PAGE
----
An underrated Smithsonian asset at The National Museum of the American Indian


The Museum of the American Indian is mostly known among Washingtonians for its cafeteria; it's the best place to eat on the National Mall. 

But the permanent exhibit "Americans" is an underrated Smithsonian asset. Built from hundreds of common references to Native Americans—from the woman kneeling on every box of Land O'Lakes butter to a video loop of Cher in a feathered headdress to models of Apache helicopters—the central hall fills visitors with a warm sense of familiarity before shunting them off into smaller installations that correct misconceptions about everything from Pochahontas (yes, there's a plaque about Elizabeth Warren) to the Battle of Little Bighorn and the first Thanksgiving.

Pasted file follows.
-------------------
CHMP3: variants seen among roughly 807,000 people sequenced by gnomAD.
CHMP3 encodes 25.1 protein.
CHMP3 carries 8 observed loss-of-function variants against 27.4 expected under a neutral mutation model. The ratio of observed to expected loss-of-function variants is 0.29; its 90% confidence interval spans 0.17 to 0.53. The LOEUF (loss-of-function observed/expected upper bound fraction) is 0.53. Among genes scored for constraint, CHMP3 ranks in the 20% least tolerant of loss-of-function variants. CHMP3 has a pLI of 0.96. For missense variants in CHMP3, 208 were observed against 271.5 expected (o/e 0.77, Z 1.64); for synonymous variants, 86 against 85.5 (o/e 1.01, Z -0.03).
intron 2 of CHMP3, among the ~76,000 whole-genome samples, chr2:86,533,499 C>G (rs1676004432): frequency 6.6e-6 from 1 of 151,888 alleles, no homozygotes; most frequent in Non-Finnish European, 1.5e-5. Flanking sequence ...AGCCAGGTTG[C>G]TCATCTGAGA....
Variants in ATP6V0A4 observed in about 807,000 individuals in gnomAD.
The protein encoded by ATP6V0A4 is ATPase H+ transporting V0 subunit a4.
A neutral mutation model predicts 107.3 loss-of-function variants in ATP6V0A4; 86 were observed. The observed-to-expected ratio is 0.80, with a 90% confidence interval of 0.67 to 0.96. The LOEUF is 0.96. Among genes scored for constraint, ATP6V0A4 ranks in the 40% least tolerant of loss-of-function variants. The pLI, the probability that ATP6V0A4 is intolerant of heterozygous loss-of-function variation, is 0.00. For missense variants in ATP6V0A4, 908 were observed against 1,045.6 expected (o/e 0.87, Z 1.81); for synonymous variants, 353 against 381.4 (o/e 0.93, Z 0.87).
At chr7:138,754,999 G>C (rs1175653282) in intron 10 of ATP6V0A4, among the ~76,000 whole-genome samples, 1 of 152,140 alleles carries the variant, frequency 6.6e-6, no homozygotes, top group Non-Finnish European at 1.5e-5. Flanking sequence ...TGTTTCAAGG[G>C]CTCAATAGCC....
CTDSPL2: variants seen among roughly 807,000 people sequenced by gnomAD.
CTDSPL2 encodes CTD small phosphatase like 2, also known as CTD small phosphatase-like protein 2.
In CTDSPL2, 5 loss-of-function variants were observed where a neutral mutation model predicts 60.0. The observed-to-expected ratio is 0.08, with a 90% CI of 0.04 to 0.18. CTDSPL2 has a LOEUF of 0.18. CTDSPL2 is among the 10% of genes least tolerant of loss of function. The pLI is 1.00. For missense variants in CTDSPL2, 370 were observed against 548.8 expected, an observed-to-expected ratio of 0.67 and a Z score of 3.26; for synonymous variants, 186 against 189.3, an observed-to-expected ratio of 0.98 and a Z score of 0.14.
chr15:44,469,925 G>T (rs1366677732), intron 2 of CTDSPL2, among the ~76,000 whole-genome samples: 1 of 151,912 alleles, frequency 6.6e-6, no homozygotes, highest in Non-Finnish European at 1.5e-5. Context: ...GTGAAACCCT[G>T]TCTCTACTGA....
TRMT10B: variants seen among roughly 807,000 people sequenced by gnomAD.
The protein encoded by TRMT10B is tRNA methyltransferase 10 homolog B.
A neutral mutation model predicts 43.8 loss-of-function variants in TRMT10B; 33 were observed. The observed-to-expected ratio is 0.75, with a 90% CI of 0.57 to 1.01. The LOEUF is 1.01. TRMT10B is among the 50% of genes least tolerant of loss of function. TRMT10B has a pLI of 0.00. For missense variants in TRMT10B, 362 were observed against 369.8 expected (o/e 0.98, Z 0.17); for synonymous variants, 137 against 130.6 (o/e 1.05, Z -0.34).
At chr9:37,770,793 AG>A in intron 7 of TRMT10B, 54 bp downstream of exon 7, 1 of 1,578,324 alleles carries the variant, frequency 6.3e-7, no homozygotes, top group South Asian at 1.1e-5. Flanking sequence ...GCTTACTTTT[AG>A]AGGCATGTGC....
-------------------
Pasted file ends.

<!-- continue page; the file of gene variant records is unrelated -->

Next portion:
Visitors are left with a sense of how deeply Native American imagery and identity are embedded in mainstream American life, how intertwined our misconceptions are with those images, and how pop and commercial culture are the primary vectors for our positive associations with the people who were here first.